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Pivoting an Icon: How The New York Times’ CEO Helped Lead The Company’s Evolution

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This event took place at Social Media Week in New York. You can get the SMW Insider Digital Subscription to access the full video of this event and 60+ other #SMWNYC sessions.

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“Our business model, essentially, is that we produce high quality journalism.”

At Social Media Week in New York, we heard from Mark Thompson, the CEO of the New York Times in a discussion with Toby Daniels, the Founder and Executive Director of SMW. Mark began his talk by telling us about his background, and his start in TV journalism with the BBC.

Even while working at the BBC, Mark acknowledged that The New York Times was “one of the very best newsrooms on the planet.” He noticed that The New York Times confronted the digital change the world saw with a different view than other American news outlets.

According to Mark, The New York Times “continued to produce great journalism. They doubled down on their investment in content, which was the better play.”

Next, Mark spoke about the strategy at The New York Times. He, and The New York Times, have realized that people are willing to pay for high quality content. In terms of user experience, he believes that every subscriber should feel like the content they receive is worth paying for, even if it’s free.

He believes that smartphones, in particular, enable companies with high quality to find deeply engaged users. In order to do this, “you need to become a destination, you need to start becoming a daily habit”.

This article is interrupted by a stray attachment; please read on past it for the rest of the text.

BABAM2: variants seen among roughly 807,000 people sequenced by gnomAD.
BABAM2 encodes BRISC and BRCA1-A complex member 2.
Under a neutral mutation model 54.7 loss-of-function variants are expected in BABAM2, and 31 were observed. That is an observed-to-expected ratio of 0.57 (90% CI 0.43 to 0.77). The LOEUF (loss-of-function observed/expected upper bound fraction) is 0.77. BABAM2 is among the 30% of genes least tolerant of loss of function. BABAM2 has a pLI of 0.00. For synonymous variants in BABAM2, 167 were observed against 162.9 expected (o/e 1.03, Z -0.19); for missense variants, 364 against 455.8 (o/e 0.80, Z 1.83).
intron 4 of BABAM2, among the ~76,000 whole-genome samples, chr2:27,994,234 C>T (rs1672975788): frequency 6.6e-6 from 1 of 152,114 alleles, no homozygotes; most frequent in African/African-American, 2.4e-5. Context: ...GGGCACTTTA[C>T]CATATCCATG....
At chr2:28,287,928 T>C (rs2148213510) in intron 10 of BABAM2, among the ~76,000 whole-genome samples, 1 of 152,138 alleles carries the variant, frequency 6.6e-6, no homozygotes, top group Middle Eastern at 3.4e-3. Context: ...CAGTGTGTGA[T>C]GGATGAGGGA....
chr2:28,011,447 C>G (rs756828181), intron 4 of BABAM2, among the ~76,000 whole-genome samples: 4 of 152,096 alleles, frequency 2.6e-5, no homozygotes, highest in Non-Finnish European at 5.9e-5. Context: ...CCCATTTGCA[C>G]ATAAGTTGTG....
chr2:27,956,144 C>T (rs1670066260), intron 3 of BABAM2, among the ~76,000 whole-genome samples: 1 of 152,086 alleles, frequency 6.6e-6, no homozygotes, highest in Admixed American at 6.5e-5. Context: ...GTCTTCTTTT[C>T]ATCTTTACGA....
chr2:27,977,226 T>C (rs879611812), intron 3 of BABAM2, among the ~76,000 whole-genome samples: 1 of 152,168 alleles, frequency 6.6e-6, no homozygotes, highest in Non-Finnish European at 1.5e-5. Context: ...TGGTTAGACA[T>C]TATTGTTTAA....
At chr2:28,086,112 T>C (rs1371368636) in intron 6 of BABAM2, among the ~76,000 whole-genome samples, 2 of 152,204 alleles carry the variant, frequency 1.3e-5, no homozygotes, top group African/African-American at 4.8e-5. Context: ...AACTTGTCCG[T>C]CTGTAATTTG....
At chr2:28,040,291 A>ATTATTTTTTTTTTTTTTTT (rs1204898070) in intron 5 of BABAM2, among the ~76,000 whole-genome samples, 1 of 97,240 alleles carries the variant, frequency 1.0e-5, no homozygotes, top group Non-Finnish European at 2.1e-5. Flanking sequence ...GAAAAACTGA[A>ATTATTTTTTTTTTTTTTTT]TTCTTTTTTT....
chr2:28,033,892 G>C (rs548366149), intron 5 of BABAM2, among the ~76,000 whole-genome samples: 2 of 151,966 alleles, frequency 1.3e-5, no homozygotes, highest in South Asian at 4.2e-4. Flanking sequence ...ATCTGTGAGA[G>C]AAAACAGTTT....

“We stand for storytelling, and for arming people to begin a conversation – whether it be physical or on social media,” Mark said.

Speaking about the most engaged users and subscribers of The New York Times, Mark noted how they are ambitious, curious, intrigued by the rest of the world, and are open to new ideas.

Mark spoke about the new innovation that The Times was creating with their integration of VR. Referring to the VR cardboard headsets that The New York Times and GE sent out to a million of their subscribers, Mark noted that they were a “wonderful bringing together of a legacy distribution network,” and that they “brought a journalistic story to life.”

Mark and Toby also spoke about native advertising with The New York Times. Mark believes that their advertising needs to be interesting, and the content needs to be great. He noted how one of their branded VR pieces with GE even performed better than some of their other, non-branded pieces. Following the discussion on native advertising, they discussed data.

Mark referred to the basic data that The New York Times can’t live without as the “hygiene layer of data,” but he acknowledged how there are many other more complex forms of data that go into trying to provide users with the best experience possible. Despite this, Mark firmly believes that “people overstate the value of data; it sometimes becomes a substitute for thought.”

Mark and Toby then discussed the ability of The New York Times to be agile, and adapt to change. Mark believes that “Traditional, corporate, decision-making is not the right way to think about digital innovation.”

Mark concluded today’s discussion by saying that The New York Times “isn’t stuck with a traditional model that we are here to report the world, and the role of our readers is to mutely listen and learn. We recognize that this is about starting a conversation.”

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